Saturday, April 10, 2004. I posted a piece, A poem beginning with a line from Jukka-Pekka Kervinen, to pelican dreaming. Not a great poem, but I found humour in doing it, the title a pastiche of Robert Duncan's A poem beginning with a line from Pindar plus Jukka's description of his work as nonlinear poetry. I'd been getting bombarded through my hotmail account with spam that was comprised of random words, generated by a program I thought probably similar to one of Jukka's, had used their subject lines to make a nonlinear poem of my own, so Jukka was occupying my thoughts at the time.

We knew each other in the way that bloggers do. My first publication (apart from a curated invitation) after I came back to writing was in a journal that also had him in it. We shared the same line in the spread-across-the-page index of authors. His is a name that is easily noticed; Jukka-Pekka like a ragged mountain range, Kervinen like the valleys that slope down from them. Over the next couple of years we appeared together several times. We both became participants in the As/Is group blog, commented on one another's work from time to time. He accepted some poems of mine for xStream, then some more. We emailed one another. I sent him a manuscript for his excellent xPress(ed) series. He was one of the first to put up a link when I started pelican dreaming. His nonlinear poetry blog was the first link I put up on mine.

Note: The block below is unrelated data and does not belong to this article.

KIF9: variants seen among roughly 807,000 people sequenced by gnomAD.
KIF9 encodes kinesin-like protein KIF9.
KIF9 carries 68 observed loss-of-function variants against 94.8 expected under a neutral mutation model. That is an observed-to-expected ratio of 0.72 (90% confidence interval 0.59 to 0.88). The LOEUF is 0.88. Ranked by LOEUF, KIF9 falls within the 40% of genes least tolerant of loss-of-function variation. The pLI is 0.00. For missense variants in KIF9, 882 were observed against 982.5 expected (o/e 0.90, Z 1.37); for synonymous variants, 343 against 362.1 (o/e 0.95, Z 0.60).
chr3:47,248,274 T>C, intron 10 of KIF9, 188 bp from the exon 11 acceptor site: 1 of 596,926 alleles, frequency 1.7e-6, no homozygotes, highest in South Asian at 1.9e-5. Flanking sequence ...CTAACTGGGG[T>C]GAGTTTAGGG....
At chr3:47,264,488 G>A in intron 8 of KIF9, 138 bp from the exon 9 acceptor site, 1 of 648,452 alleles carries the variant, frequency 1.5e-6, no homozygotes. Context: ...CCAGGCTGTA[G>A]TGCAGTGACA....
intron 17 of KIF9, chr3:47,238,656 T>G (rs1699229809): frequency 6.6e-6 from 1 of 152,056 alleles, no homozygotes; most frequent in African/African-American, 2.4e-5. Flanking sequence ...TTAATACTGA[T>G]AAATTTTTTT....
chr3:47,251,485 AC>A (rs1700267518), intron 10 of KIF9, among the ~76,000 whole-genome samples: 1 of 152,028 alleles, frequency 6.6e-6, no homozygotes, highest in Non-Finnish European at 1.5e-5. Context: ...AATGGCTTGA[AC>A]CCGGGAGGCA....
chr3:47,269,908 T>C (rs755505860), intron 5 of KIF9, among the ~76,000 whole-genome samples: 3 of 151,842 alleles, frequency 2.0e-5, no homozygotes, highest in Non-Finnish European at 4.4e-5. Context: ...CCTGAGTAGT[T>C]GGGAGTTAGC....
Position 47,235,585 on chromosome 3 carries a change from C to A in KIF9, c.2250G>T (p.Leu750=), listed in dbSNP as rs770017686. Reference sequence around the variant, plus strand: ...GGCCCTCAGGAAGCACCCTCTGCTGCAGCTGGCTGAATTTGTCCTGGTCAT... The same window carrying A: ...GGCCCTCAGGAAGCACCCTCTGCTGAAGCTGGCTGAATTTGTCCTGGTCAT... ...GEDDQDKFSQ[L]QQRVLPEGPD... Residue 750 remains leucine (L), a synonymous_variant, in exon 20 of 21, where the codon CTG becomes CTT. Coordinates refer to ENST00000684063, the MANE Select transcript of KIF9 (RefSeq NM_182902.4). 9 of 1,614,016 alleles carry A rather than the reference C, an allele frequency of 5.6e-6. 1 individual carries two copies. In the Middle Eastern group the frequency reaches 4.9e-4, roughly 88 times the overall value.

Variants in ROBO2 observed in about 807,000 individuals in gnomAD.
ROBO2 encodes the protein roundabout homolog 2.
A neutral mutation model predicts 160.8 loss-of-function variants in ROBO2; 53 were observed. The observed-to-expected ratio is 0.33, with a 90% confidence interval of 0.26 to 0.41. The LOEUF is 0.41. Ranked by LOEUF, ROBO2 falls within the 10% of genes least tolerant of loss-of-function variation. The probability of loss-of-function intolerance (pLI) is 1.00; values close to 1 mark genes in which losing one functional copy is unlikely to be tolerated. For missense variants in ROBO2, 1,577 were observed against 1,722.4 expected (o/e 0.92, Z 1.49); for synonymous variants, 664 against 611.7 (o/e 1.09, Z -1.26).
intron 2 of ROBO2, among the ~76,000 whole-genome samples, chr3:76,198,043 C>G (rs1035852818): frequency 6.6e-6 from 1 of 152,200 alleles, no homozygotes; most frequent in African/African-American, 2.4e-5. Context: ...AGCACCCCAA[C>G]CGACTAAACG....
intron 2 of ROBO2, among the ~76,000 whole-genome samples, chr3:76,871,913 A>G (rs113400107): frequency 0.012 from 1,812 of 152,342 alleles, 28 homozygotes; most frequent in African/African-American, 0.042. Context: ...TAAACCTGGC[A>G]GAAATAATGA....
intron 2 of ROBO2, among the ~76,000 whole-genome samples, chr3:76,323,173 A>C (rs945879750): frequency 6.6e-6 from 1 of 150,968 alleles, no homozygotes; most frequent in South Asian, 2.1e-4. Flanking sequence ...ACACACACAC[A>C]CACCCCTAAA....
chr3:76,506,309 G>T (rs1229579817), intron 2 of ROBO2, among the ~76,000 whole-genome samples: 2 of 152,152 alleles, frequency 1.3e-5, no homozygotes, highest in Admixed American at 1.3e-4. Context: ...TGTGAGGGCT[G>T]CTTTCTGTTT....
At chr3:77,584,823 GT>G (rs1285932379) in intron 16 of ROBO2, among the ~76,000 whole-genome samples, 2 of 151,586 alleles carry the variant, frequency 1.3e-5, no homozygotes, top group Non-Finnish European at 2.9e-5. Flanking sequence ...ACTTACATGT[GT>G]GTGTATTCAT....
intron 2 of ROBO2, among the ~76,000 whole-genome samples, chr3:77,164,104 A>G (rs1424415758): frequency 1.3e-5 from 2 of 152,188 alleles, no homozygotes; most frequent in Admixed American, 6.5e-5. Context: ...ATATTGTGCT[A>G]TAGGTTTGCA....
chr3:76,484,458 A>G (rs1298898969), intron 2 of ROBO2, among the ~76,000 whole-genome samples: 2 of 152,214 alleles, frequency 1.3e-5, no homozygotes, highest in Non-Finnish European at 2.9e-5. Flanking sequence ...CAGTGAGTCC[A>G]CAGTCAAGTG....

The Friday after the post I got an email from him, acknowledging the poem, giving me a bit of stick for my earlier remark that the content of the spam emails was from his blog. & then, in brackets, almost as if it were an afterthought, he mentioned that he had some 'intentionally unfinished' poems, templates, & would I be interested in some collaborations. Would I? Sent back an affirmative response, & received the first five the next morning.

Within three hours the template beginning " n l rs se be a t d s a" had become a poem that started "nearly seized & beaten, / but escaped through". I sent it off to him, to see if he liked it, to see if it was the way he wanted us to go. An excited email came back in the evening. Consensus. By that time I'd already done more. The next morning I sent an attachment containing eight poems off to him.